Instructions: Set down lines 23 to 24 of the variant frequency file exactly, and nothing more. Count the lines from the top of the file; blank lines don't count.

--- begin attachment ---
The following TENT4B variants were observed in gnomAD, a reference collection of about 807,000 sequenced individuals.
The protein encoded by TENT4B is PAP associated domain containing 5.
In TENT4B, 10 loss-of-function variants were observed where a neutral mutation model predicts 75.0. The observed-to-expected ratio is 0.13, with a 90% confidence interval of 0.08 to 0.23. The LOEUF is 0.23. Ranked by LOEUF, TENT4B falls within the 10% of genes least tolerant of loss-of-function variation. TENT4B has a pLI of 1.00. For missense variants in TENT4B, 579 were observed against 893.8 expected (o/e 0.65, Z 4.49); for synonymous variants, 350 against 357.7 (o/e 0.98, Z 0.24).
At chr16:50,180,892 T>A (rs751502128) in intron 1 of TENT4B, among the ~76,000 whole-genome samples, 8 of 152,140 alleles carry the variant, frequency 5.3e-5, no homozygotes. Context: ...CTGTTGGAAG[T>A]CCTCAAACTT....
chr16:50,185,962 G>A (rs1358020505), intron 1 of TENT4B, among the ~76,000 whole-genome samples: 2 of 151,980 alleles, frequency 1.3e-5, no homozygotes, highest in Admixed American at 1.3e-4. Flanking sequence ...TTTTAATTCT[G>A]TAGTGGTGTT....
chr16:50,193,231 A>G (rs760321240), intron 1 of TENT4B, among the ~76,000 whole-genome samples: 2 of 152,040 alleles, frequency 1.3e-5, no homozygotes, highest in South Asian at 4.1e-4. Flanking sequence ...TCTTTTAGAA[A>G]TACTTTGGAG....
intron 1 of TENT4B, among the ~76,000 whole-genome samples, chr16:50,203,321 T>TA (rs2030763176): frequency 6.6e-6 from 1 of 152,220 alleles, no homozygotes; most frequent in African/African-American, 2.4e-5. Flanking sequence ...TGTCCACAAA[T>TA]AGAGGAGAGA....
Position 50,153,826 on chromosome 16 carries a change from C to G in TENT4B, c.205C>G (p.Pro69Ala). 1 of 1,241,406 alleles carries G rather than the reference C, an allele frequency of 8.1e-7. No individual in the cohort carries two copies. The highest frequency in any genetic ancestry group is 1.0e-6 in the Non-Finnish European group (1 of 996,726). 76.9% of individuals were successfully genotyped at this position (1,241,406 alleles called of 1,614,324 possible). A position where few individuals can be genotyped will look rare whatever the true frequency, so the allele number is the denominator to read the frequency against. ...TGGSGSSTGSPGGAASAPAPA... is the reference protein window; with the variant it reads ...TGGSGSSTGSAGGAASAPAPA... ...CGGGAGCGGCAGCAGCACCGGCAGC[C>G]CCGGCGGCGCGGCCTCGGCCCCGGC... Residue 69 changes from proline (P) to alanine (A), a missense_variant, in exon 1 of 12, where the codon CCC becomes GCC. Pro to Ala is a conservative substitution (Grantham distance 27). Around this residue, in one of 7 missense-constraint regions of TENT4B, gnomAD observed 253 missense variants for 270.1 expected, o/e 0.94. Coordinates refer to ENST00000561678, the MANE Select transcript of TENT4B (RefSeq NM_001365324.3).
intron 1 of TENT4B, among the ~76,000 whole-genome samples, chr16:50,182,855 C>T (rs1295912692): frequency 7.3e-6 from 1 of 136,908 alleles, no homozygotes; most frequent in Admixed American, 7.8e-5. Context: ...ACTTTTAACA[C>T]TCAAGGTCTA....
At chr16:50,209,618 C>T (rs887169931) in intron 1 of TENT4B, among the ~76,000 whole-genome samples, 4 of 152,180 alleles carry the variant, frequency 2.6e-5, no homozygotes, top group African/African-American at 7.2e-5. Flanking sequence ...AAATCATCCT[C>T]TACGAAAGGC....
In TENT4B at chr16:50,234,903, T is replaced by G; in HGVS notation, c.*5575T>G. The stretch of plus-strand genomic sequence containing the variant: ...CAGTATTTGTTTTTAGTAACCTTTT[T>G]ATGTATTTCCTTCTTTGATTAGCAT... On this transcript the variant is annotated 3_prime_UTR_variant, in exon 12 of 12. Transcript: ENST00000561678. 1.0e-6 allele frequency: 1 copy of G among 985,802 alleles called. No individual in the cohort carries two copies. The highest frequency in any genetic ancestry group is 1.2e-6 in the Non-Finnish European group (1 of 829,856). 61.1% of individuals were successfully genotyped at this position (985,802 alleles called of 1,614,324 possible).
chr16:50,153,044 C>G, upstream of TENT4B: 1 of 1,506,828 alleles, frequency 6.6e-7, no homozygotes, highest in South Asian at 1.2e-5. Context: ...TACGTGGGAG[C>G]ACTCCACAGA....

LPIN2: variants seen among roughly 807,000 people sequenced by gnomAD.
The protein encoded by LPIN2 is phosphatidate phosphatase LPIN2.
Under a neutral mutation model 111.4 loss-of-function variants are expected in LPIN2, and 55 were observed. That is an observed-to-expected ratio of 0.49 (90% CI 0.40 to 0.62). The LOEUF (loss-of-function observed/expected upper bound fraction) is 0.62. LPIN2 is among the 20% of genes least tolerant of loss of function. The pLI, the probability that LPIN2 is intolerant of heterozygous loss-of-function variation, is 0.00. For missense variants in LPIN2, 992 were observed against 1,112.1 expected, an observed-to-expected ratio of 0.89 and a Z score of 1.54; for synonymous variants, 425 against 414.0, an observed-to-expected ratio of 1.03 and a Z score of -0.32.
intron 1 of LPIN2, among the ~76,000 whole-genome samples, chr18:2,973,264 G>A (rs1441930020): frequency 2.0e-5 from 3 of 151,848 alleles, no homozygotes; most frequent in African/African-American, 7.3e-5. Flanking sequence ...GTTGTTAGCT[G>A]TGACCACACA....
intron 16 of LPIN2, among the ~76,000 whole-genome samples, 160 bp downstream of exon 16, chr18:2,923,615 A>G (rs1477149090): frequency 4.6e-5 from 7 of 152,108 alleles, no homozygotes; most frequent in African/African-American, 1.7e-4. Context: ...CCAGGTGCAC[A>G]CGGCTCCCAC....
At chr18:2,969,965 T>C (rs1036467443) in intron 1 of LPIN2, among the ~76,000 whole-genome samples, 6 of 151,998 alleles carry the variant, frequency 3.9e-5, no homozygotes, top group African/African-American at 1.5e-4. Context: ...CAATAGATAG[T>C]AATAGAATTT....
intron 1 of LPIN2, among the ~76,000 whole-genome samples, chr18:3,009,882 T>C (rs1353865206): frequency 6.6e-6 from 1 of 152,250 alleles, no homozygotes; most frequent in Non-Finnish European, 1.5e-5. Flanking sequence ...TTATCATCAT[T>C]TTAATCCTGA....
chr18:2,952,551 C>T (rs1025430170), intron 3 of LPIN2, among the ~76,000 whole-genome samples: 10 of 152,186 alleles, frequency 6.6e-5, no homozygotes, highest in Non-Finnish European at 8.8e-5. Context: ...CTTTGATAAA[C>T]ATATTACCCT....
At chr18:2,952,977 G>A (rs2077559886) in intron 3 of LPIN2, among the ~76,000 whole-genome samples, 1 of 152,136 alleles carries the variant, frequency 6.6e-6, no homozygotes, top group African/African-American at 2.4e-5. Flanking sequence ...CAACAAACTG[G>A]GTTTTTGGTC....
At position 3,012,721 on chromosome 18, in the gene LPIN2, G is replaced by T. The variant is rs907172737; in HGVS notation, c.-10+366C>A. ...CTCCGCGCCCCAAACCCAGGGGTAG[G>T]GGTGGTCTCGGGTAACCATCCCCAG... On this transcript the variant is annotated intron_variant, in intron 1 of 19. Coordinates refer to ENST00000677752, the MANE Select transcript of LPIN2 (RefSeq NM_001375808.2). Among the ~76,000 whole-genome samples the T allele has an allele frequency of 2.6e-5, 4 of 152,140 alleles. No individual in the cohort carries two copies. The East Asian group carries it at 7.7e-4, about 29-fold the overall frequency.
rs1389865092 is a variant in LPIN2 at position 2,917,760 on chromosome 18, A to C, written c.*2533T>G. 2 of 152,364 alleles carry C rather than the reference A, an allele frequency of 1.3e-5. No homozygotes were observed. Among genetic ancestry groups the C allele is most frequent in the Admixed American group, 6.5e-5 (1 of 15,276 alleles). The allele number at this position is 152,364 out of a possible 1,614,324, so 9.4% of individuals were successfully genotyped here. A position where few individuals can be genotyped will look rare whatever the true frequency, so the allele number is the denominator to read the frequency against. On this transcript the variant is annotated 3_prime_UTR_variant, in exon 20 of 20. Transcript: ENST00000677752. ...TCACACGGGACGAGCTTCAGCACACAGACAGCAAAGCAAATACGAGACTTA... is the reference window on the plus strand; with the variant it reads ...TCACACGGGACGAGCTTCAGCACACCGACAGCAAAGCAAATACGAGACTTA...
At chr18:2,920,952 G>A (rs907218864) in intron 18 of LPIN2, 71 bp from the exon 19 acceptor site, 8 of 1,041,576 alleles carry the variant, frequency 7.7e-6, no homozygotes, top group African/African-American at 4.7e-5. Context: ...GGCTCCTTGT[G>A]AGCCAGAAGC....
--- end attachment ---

rs1389865092 is a variant in LPIN2 at position 2,917,760 on chromosome 18, A to C, written c.*2533T>G. 2 of 152,364 alleles carry C rather than the reference A, an allele frequency of 1.3e-5. No homozygotes were observed. Among genetic ancestry groups the C allele is most frequent in the Admixed American group, 6.5e-5 (1 of 15,276 alleles). The allele number at this position is 152,364 out of a possible 1,614,324, so 9.4% of individuals were successfully genotyped here. A position where few individuals can be genotyped will look rare whatever the true frequency, so the allele number is the denominator to read the frequency against. On this transcript the variant is annotated 3_prime_UTR_variant, in exon 20 of 20. Transcript: ENST00000677752. ...TCACACGGGACGAGCTTCAGCACACAGACAGCAAAGCAAATACGAGACTTA... is the reference window on the plus strand; with the variant it reads ...TCACACGGGACGAGCTTCAGCACACCGACAGCAAAGCAAATACGAGACTTA...
At chr18:2,920,952 G>A (rs907218864) in intron 18 of LPIN2, 71 bp from the exon 19 acceptor site, 8 of 1,041,576 alleles carry the variant, frequency 7.7e-6, no homozygotes, top group African/African-American at 4.7e-5. Context: ...GGCTCCTTGT[G>A]AGCCAGAAGC....